The Last Year of the Bataclan: a Timeline

The Hollywood Reporter

Sunday marks the one-year anniversary of one of the greatest tragedies the world has endured this decade, and one that briefly turned the entire musical world upside down. The attacks in and around the Bataclan theater in Paris, France, occurring during a gig played by hard-rock band Eagles of Death Metal, claimed 89 lives in total  -  the center of a series of terror shootings and bombings that left over 100 dead and several hundred more injured.

A year later, the club is finally on the verge of its triumphant reopening. Here is a timeline of the events surrounding the Bataclan, from the original incident until today (Nov. 13), tracking the venue's long road to recovery in the face of seemingly insurmountable calamity.

Nov. 13: A series of a half-dozen coordinated attacks occur throughout the city of Paris, with the deadliest coming at the Bataclan theater, where the Eagles of Death Metal are playing. Gunmen open fire on the attendants  -  thought to be in the range of 1,500  -  and throw grenades into the crowd, according to witness reports. As police surround the venue, gunmen take dozens of concert-goers hostage. The police eventually breach the theater  -  based on reports that the assailants had started executing hostages  -  leading to two of the perpetrators detonating suicide vests.

In all, 89 casualties are reported in and around the venue. Shortly afterwards, terrorist group ISIS claims responsibility for the day's attacks, saying they were conducted in response to French air strikes against its group in Syria.

Read more: Revisiting the Bataclan's Paris Neighborhood a Year After the Terrorist Attacks

Nov. 16: The Bataclan issues its first official statement following the attacks, announcing that the venue would be closed indefinitely. "No words can express the magnitude of our grief," the release reads. "Our thoughts are with the victims, the injured and their relatives... unfortunately the authorities still need to work on the spot. We will keep you informed as soon as it is possible to collect you in front of the room. We thank you for your support that affects us deeply."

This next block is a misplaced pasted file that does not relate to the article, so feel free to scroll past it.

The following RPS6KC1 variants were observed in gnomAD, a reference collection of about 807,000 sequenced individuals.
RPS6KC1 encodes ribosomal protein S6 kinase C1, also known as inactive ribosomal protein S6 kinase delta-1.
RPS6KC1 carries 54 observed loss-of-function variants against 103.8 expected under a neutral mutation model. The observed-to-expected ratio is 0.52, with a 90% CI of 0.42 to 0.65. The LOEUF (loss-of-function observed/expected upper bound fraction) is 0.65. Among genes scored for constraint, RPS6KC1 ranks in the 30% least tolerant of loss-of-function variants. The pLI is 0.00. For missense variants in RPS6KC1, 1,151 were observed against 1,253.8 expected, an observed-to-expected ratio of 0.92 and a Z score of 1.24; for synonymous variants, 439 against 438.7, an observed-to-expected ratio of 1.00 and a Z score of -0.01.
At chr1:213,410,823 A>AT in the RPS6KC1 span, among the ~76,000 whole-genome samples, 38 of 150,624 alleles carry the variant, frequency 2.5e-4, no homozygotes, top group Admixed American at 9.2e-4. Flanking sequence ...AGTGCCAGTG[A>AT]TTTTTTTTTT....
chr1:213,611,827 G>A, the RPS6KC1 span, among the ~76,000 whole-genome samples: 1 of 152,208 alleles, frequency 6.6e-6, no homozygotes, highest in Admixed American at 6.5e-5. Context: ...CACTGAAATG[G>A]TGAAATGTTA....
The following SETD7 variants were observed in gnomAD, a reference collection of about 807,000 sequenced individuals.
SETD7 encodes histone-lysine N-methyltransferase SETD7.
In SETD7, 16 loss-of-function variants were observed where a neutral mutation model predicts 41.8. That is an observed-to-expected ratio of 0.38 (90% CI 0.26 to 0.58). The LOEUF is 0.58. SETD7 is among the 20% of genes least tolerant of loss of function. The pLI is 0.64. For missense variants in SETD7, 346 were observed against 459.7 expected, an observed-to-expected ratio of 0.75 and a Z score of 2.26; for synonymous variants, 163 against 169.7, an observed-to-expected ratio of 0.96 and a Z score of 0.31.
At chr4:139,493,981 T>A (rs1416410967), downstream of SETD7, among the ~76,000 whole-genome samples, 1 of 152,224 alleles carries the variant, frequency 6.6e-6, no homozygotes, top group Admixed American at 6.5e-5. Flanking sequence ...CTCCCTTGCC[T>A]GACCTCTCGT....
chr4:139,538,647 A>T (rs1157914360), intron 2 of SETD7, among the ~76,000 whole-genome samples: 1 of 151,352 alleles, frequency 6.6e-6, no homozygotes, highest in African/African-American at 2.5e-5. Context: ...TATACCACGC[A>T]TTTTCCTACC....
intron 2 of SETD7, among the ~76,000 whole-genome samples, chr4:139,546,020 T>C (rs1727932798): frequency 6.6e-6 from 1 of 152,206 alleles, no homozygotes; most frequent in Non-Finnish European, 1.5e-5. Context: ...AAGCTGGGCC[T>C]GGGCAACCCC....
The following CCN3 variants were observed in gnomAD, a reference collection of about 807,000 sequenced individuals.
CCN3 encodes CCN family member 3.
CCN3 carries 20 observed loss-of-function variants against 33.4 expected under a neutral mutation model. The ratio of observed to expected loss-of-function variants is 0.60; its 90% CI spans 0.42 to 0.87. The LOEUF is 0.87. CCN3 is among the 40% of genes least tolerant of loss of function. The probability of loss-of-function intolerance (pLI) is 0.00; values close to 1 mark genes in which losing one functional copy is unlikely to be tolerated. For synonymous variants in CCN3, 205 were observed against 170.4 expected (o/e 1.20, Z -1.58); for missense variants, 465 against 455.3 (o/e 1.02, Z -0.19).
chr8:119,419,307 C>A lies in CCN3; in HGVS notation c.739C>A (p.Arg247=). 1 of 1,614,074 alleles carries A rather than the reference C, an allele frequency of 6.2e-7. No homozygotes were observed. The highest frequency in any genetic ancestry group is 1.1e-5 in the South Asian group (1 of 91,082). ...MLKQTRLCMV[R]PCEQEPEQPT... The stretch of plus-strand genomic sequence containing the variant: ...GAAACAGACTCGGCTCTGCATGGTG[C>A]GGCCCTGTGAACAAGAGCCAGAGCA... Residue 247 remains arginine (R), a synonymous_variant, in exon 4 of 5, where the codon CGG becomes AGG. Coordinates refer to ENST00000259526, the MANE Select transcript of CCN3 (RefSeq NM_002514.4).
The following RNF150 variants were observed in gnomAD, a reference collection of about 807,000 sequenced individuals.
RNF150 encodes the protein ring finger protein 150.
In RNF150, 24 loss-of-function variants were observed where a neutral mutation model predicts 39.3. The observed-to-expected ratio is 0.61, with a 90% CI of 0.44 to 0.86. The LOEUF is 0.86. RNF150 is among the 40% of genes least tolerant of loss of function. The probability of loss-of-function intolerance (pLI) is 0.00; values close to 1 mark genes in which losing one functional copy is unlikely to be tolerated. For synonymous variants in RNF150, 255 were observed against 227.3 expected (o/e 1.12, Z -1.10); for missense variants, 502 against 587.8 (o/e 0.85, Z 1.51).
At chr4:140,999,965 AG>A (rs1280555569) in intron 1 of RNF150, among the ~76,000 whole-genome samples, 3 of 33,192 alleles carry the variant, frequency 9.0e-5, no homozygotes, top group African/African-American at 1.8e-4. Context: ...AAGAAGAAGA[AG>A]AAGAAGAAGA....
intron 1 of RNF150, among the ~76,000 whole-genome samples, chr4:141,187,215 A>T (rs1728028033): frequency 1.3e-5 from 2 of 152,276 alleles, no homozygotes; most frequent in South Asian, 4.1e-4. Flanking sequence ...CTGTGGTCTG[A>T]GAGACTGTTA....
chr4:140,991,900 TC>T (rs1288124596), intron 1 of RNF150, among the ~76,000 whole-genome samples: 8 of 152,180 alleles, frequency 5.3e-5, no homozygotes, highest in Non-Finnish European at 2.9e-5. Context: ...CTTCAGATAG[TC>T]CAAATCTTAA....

Dec. 2: Managers at the Bataclan tell Le Figaro that they hope for the venue to be reopened by the end of 2016. "The Bataclan should not be a mausoleum or a place of pilgrimage ... it's necessary to see the doors open again," Jules Frutos explains to the newspaper. "The teams want reconstruction, the artists, too. It will be a cross to bear."

Dec. 8: A couple days after making a cameo at a U2 gig in Paris, Eagles of Death Metal return to the scene of the tragedy, making their first visit to the Bataclan since the night of their concert. According to The New York Times, the band "spent about 10 minutes outside the concert hall in a heavy rain, laying flowers at a makeshift memorial site and reading tributes to the dead," receiving a round of applause upon their arrival from spectators at the site.

Read more: Sting Reopens Bataclan With "Fragile," Tribute to David Bowie and Prince